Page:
Gender equality and women's empowerment

The Women's Empowerment Principles Gap Analysis Tool (WEPs Tool) helps companies benchmark their performance against the 7 WEPs Principles. It helps companies discover their contributions to improve gender equality and identifies areas that need improvement. This tool directly helps to advance SDG 5. The WEPS, a joint initiative of UN Global Compact and UN Women, were developed in 2010 to provide a holistic framework to empower women and girls in the workplace, marketplace, and community.
This paper examines the use of contraceptives and the social influence surrounding their use in Sub-Saharan Africa. Research shows that women wish to control birth numbers but few use contraception, thus increasing population and adding pressure on scarce resources, as well as contributing to increased mortality and general ill-health. This paper addresses SDG 3 (Good health and well-being) as well as SDG 5 (Gender equality).
Elsevier,

Journal of Experimental Social Psychology, Volume 72, Pages 53-56, September 2017

Working mothers often find themselves in a difficult situation when trying to balance work and family responsibilities and to manage expectations about their work and parental effectiveness. This study shows how women taking maternity leave were evaluated more negatively in the work domain, and women deciding against maternity leave were evaluated more negatively in the family domain – demonstrating the importance of introducing policies that enable parents to reconcile family and work demands and thus addressing SDG 5 gender equality.
Including gender in scientific research will maximise the impact of that research. SciDev’s new online course is designed to help students understand why gender is such an important component of research. It also explores the implications for science and global policy agendas, including the climate change agreements and the UN Sustainable Development Goals. This course explores the importance of gender (SDG 5) in science and research (SDG 4).
In the UK, gender pay gap reporting legislation will require large employers to publish their overall mean and median gender pay gaps from 2018. XpertHR highlights its useful tools including frequently asked questions relating to unequal pay, and legal guidance on the new legislation. The Regulations contribute to advancing SDG 10.4 to adopt policies, wage and social protection policies to progressively achieve greater equality.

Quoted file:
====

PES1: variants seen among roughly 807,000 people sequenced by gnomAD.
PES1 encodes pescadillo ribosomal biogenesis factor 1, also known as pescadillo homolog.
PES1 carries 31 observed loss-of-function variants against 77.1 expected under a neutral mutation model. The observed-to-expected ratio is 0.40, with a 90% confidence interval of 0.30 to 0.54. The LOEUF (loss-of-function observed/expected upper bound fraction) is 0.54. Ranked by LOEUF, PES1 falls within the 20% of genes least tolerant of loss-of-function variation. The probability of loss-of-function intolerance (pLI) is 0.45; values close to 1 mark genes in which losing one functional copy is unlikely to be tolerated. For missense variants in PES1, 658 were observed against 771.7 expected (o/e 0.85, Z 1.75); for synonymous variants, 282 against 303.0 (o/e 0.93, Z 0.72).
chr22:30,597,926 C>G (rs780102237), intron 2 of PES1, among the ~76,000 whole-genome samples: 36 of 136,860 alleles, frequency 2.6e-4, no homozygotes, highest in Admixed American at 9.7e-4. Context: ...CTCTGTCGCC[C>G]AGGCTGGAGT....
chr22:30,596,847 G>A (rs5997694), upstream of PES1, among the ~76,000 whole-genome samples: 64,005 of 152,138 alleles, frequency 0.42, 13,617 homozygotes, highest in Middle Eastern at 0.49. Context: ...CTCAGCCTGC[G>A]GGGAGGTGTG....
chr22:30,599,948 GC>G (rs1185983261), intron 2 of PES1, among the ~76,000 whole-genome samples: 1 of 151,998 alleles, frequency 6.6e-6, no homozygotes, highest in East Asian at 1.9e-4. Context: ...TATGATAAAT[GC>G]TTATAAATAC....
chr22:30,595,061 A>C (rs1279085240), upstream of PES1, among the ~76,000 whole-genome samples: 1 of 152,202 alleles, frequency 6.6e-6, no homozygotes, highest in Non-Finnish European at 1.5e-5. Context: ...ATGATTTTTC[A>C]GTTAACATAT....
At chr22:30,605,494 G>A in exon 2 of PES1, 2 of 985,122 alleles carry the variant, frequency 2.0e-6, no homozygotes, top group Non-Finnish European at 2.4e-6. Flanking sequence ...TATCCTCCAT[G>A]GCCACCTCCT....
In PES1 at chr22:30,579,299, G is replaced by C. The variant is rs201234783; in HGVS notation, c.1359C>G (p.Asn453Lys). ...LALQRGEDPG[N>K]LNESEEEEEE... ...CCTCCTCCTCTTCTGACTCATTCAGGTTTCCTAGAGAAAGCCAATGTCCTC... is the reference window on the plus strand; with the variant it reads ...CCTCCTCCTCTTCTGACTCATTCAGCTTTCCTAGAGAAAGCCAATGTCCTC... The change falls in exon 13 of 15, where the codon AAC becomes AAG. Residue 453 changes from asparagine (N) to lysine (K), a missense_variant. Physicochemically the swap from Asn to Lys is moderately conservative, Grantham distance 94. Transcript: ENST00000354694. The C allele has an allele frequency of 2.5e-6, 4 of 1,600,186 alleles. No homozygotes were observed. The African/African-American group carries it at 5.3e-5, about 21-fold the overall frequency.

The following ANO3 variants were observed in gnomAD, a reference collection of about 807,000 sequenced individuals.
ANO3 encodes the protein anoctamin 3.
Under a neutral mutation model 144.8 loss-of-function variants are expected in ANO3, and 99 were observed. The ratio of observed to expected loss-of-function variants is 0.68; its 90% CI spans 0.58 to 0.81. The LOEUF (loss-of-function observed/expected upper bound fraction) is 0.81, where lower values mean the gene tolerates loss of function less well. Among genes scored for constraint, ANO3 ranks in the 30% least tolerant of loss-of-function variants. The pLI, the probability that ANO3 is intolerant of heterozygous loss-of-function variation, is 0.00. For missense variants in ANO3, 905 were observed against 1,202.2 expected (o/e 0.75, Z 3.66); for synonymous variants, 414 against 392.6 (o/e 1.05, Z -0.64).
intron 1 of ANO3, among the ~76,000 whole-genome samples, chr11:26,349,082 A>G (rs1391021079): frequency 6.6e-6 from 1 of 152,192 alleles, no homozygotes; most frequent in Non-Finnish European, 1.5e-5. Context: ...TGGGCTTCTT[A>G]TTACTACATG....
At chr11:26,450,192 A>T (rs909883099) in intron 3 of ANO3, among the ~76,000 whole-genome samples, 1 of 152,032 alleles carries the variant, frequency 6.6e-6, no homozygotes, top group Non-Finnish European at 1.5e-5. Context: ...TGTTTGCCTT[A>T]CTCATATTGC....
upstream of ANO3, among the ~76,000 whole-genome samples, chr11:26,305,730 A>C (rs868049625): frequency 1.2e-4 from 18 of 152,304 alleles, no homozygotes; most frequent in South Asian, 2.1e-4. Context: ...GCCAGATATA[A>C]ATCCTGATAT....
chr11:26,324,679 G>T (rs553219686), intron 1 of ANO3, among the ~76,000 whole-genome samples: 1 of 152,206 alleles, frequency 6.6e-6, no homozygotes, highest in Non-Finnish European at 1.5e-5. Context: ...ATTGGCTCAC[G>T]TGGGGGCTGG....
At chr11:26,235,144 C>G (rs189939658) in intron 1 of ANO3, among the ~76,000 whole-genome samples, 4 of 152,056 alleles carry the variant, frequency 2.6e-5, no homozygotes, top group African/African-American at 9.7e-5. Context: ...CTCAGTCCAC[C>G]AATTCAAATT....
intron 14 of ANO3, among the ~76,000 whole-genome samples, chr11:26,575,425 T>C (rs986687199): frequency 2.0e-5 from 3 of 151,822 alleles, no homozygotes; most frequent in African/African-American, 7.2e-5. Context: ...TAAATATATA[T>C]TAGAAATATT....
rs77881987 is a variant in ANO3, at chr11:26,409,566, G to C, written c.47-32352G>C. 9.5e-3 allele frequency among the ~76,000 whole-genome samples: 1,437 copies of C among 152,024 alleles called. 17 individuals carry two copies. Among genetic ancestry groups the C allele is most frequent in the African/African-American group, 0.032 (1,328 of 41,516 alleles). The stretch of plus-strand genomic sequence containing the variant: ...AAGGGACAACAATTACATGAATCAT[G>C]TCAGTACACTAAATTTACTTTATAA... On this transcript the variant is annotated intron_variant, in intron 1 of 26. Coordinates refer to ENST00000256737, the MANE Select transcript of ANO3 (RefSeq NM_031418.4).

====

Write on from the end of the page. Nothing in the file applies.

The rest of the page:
Elsevier,

International Journal of Law, Crime and Justice, Volume 47, December 2016, Pages 71-84

Equality before the law is a fundamental principle of modern law, however, examining access to justice for men and women shows that women face certain barriers in accessing justice. This paper details a study in Turkey on the linkages between SDG 5 gender equality and SDG 16 peace, justice and strong institutions.
The Role of Gender-based Innovations for the UN Sustainable Development Goals: Toward 2030: Better Science and Technology for All (Edition 1)
The Elsevier Foundation is committed to advancing SDG 5 and has developed a 3-year strategic partnership with Portia, an organisation that women and men have the same opportunities for engagement and advancement in science. Building on research drawn from recent Gender Summits, Portia will advance sex-gender sensitive research, innovation, development and deeper understanding through a series of annual SDG reports and the creation of a Gender Summit Consortium.
As part of the UK Government’s Women in Finance Charter, 72 firms have agreed to publish progress on gender equality annually, ahead of gender pay reporting Regulations in 2017. Sixty firms in the UK have committed to having at least 30% of women in senior roles by 2021. Thirteen finance companies are aiming to have complete gender parity in senior roles by 2021. These steps directly align with SDG 10.4 to adopt policies, wage and social protection policies, to progressively achieve greater equality.
ICIS,

ICIS Special Report, EPCA, 26 September 2016

Increasing diversity and inclusion in the petrochemical workforce
There is a strong business case for increasing diversity and inclusion in the petrochemical workforce. EPCA’s new initiative on the subject aims to discover best practice and embed diversity and inclusion into management thinking and company DNA. This is important for advancing SDG 10.2 to empower and promote the social, economic and political inclusion of all, irrespective of age, sex, disability, race, ethnicity, origin, religion or economic or other status.
Diversity of gender and race within senior management roles leads to better thinking and decisionmaking
More women are entering the oil and gas and petrochemical sectors – but there’s still a way to go. It’s all part of a wider drive to increase diversity in the workforce. This is important for advancing SDG 5.1 to end all forms of discrimination against all women and girls everywhere and SDG 5.5 to ensure women’s full and effective participation and equal opportunities for leadership at all levels of decision-making in political, economic and public life.

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